States lag in keeping Medicaid enrollees out of nursing homes
August 1, 2017
Every day, 10,000 people turn 65 and the eldest baby boomers will begin to turn 80 in 2026, so the demand for long term care services is about to explode in the near future. Already 1.4 million seniors live in nursing home facilities in the U.S. But states are only making lukewarm progress helping millions of seniors on Medicaid avoid costly nursing home care by arranging home or community services for them instead, a new AARP report finds.
Overall, AARP says states have made “incremental improvements” since its 2014 Scorecard, but calls the pace of change “slow and uneven.” That’s especially disturbing since many state budgets are healthier than they were three years ago.
While most states made modest improvements, “the pace of change is not keeping up with demographic demands,” according to the report, which compared state’s efforts to improve long-term care services over the past several years. Previous AARP reports on the same subject were issued in 2011 and 2014.
“People need to understand how this is playing out close to them, because changes often occur at the state and local level. There is no national long-term services and support federal policy, aside from Medicaid, which is administered by the states,” says Susan Reinhard, senior vice president and director, AARP Public Policy Institute, which produced the report.
AARP ranked state’s performance on long-term care benchmarks such as supply of home health aides, nursing home costs, long nursing home stays, the employment rate of people with disabilities and support for working caregivers.
The top-ranking states in the 2017 scorecard were Washington, Minnesota, Vermont, Oregon and Alaska. The states at the bottom were Indiana, Kentucky, Alabama, Mississippi and Tennessee. The most improved states since the 2014 Scorecard were Tennessee and New York.
Here’s a link to the entire chart so you can see how your state did: http://www.longtermscorecard.org)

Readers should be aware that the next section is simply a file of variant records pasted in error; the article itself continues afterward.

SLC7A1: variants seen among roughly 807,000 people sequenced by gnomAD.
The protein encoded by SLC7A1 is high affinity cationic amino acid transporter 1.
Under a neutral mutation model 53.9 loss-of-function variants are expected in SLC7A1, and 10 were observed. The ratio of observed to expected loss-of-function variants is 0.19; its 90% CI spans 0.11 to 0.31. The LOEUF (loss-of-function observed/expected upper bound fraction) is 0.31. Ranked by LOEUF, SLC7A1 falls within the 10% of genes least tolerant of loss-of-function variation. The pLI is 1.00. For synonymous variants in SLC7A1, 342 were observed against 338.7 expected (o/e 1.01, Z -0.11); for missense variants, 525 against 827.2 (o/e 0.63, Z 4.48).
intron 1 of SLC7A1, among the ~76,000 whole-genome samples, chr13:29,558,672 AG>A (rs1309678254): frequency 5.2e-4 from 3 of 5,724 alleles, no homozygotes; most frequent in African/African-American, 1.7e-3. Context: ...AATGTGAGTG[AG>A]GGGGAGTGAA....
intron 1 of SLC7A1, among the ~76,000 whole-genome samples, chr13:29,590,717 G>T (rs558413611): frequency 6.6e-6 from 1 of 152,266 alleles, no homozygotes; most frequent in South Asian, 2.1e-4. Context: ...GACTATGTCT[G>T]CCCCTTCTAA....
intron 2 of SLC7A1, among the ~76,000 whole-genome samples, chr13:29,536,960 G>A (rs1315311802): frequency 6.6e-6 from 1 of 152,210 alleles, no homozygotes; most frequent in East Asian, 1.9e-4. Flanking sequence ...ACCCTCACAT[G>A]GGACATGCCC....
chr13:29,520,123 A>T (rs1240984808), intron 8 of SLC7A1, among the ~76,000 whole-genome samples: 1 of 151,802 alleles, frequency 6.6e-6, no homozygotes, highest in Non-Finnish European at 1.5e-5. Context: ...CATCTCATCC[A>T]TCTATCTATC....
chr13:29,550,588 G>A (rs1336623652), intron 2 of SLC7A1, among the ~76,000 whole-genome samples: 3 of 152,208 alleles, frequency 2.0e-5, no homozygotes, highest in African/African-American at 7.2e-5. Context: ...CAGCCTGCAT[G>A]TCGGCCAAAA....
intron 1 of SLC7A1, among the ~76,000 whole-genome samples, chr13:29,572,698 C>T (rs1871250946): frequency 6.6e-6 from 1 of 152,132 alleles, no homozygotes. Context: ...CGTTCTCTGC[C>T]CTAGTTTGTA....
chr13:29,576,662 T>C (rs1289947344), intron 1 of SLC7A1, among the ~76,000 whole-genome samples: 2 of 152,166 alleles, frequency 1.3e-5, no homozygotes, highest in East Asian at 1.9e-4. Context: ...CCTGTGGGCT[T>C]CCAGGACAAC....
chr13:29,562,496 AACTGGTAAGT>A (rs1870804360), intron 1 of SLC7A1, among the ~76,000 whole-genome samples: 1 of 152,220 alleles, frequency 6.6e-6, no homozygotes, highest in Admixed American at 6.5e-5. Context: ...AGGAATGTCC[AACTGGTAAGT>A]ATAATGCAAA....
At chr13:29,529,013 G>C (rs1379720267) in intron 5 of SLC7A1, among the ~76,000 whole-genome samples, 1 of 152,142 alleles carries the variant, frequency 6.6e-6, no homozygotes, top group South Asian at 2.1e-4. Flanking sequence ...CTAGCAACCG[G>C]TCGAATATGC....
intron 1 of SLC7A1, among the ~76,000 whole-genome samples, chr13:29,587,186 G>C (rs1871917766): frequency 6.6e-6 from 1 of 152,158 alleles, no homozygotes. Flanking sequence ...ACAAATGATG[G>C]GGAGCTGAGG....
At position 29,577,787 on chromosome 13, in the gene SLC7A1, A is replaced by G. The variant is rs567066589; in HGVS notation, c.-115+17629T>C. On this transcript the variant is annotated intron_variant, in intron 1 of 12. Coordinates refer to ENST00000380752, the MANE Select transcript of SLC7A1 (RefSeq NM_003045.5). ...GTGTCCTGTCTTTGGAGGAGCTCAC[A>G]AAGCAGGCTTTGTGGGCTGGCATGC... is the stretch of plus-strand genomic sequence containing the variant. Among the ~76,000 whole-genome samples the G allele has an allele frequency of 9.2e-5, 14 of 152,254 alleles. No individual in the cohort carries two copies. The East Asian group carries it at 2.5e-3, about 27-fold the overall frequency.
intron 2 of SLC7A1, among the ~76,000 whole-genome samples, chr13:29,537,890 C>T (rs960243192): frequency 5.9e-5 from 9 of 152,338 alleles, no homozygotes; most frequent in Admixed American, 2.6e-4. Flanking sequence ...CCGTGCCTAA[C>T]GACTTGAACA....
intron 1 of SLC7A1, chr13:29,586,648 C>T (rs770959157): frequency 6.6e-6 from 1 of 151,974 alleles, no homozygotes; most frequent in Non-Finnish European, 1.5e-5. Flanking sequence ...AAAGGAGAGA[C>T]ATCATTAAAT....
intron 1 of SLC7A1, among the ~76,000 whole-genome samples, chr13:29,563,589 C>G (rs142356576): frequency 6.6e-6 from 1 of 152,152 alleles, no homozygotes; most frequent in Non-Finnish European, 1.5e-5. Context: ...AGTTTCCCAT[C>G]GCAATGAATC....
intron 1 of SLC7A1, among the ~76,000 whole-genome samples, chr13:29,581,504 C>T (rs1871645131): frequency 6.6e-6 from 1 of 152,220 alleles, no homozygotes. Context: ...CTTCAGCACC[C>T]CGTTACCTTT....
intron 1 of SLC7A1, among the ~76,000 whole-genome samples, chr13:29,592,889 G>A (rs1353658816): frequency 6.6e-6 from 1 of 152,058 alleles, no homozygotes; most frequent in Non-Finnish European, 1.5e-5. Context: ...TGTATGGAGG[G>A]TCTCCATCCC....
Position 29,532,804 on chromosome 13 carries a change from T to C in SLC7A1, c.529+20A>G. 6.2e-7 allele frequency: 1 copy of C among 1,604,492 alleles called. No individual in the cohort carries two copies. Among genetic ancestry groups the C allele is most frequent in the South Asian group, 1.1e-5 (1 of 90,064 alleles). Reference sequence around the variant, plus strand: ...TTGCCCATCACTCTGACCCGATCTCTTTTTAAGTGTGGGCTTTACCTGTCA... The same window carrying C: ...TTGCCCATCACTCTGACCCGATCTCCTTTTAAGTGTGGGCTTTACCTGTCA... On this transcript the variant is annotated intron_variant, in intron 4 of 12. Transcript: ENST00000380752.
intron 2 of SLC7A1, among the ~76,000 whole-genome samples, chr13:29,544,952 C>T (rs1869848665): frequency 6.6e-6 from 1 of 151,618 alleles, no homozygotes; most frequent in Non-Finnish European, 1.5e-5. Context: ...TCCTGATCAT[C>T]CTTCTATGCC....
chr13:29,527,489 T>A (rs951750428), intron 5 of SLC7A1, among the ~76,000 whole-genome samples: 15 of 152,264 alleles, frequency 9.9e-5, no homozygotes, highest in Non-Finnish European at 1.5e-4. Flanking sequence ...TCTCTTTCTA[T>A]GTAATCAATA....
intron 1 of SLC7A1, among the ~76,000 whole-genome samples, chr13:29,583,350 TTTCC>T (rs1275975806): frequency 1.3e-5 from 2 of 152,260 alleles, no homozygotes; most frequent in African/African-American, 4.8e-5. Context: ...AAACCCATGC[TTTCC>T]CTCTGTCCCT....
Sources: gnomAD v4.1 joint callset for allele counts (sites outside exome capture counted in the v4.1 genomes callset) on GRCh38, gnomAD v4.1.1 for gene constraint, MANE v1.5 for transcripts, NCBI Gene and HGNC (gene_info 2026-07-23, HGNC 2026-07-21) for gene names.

The report did find some progress though. For instance, 48 states (nudged by the federal government), have reduced the use of antipsychotic medications given “off label” for nursing home residents whose conditions don’t support their use. The federal government started regulating the use of these medications for dementia patients in nursing homes three years ago.
That’s also the same time that nursing homes started getting graded on the percent of their dementia patients receiving antipsychotic medications in Medicare’s Nursing Home Compare online tool. https://www.medicare.gov/NursingHomeCompare/About/What-Is-NHC.html
Another significant area of progress was that 42 states have moved toward person-and family-centered practices that support family caregivers. AARP policy folks suggest that the impetus for this program was the passage of the CARE Act, which stands for Caregiver, Advise, Record, Enable, which was developed and promoted by AARP.
The CARE Act requires hospitals to record the name of any family caregiver on the medical record of your loved one, inform the family caregiver when the patient is to be discharged and also provide the family caregiver with education and instruction of medical tasks he or she will need to perform the patient at home.
A downside of the Scoreboard report was a significant decline in the number of states where long-stay nursing home residents on Medicaid moved back to living in their communities. That number is now down to just 21 states. The top states are Utah, Oregon, Washington, Arizona and Idaho, where 12 percent of long-stay nursing home residents, on average, transitioned back to the community.
The report found wide discrepancies in how much state Medicaid spending went to long-term care directed to home- and community-based services for elderly and disabled adults in 2014, the latest year for data covering all states. Minnesota, the top-ranked state, spent about 69 percent, but Alabama, ranked last, spent less than 14 percent. Nationwide, the average ended up from 39 percent in 2011 to 41 percent in 2014. Only nine states and the District of Columbia spend more on home-and community-based services than on nursing home care, the report found. These services included home health care, caregiver training and adult day care.
AARP’s Reinhard noted many states have struggled to expand home-based and community-based options for Medicaid enrollees needing long-term care because that is an optional benefit, while nursing homes are mandated under federal law.
Also contributing to this column were Kaiser Health News (KHN), Twin Cities Public Television and AARP.